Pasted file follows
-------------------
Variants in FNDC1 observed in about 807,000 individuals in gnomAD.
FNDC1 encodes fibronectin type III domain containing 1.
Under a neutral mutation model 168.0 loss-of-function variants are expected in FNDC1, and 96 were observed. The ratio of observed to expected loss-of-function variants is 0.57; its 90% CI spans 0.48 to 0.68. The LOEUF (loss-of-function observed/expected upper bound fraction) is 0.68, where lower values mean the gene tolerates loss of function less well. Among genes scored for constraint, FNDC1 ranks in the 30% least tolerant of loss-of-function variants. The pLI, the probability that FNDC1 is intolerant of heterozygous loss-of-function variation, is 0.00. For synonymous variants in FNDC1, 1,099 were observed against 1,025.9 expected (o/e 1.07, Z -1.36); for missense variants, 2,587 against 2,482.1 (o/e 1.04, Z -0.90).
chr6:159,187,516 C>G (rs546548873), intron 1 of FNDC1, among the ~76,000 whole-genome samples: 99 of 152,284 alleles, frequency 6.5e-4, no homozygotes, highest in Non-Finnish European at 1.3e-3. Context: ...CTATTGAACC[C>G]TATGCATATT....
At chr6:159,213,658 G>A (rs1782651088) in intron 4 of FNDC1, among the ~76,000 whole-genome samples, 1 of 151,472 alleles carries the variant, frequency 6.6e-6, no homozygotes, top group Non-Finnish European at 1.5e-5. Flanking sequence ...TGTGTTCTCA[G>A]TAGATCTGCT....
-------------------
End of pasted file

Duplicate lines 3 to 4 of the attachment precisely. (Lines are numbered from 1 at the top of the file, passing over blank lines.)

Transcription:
Under a neutral mutation model 168.0 loss-of-function variants are expected in FNDC1, and 96 were observed. The ratio of observed to expected loss-of-function variants is 0.57; its 90% CI spans 0.48 to 0.68. The LOEUF (loss-of-function observed/expected upper bound fraction) is 0.68, where lower values mean the gene tolerates loss of function less well. Among genes scored for constraint, FNDC1 ranks in the 30% least tolerant of loss-of-function variants. The pLI, the probability that FNDC1 is intolerant of heterozygous loss-of-function variation, is 0.00. For synonymous variants in FNDC1, 1,099 were observed against 1,025.9 expected (o/e 1.07, Z -1.36); for missense variants, 2,587 against 2,482.1 (o/e 1.04, Z -0.90).
chr6:159,187,516 C>G (rs546548873), intron 1 of FNDC1, among the ~76,000 whole-genome samples: 99 of 152,284 alleles, frequency 6.5e-4, no homozygotes, highest in Non-Finnish European at 1.3e-3. Context: ...CTATTGAACC[C>G]TATGCATATT....